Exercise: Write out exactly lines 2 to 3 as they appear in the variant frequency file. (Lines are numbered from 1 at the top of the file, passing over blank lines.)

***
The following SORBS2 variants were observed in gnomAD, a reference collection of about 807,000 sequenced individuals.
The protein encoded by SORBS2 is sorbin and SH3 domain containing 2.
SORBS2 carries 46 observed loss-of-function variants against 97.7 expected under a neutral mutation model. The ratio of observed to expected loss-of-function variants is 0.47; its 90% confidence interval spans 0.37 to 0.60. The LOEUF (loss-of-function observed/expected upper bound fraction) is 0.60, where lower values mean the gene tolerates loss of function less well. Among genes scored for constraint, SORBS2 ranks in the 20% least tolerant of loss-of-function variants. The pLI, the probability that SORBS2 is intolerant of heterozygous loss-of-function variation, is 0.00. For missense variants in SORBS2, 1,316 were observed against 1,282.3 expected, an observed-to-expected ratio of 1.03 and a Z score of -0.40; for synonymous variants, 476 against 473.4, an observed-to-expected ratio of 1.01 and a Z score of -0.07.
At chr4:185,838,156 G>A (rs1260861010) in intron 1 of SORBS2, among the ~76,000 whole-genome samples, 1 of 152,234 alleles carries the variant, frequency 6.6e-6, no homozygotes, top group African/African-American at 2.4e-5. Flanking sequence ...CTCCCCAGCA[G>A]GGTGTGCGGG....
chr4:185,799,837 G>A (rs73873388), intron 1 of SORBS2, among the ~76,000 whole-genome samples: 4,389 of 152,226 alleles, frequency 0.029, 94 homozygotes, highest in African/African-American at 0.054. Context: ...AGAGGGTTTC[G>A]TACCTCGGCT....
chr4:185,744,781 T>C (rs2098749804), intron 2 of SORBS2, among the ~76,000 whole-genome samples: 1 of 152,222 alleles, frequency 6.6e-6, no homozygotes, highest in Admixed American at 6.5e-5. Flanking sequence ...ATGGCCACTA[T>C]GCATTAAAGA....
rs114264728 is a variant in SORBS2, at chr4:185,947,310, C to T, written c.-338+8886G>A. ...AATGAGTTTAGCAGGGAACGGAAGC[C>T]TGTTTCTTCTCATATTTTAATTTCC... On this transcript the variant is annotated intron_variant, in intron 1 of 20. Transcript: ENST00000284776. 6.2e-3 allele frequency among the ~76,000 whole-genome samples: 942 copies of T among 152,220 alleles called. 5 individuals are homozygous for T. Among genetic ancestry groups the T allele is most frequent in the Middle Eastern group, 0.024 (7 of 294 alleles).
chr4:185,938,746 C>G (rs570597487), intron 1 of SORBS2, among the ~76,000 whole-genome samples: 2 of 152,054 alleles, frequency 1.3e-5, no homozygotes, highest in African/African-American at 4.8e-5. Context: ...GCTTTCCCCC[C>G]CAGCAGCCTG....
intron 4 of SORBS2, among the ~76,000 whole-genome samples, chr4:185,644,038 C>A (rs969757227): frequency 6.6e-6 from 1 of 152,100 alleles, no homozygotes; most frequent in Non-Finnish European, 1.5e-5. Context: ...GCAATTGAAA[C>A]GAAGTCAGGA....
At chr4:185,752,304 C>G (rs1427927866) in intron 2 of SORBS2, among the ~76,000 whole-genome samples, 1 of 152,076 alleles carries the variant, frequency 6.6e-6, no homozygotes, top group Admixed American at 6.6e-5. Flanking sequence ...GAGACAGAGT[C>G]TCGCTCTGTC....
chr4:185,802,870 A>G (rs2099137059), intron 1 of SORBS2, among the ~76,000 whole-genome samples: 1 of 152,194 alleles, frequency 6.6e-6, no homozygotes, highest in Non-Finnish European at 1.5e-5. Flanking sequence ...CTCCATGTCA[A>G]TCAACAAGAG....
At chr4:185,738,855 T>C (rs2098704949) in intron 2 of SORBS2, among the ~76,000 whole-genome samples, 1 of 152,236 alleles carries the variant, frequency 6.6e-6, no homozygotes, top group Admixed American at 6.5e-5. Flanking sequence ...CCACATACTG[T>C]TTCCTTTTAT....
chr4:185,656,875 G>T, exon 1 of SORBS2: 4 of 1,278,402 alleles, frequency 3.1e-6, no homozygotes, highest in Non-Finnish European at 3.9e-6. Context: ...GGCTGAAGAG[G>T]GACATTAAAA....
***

The protein encoded by SORBS2 is sorbin and SH3 domain containing 2.
SORBS2 carries 46 observed loss-of-function variants against 97.7 expected under a neutral mutation model. The ratio of observed to expected loss-of-function variants is 0.47; its 90% confidence interval spans 0.37 to 0.60. The LOEUF (loss-of-function observed/expected upper bound fraction) is 0.60, where lower values mean the gene tolerates loss of function less well. Among genes scored for constraint, SORBS2 ranks in the 20% least tolerant of loss-of-function variants. The pLI, the probability that SORBS2 is intolerant of heterozygous loss-of-function variation, is 0.00. For missense variants in SORBS2, 1,316 were observed against 1,282.3 expected, an observed-to-expected ratio of 1.03 and a Z score of -0.40; for synonymous variants, 476 against 473.4, an observed-to-expected ratio of 1.01 and a Z score of -0.07.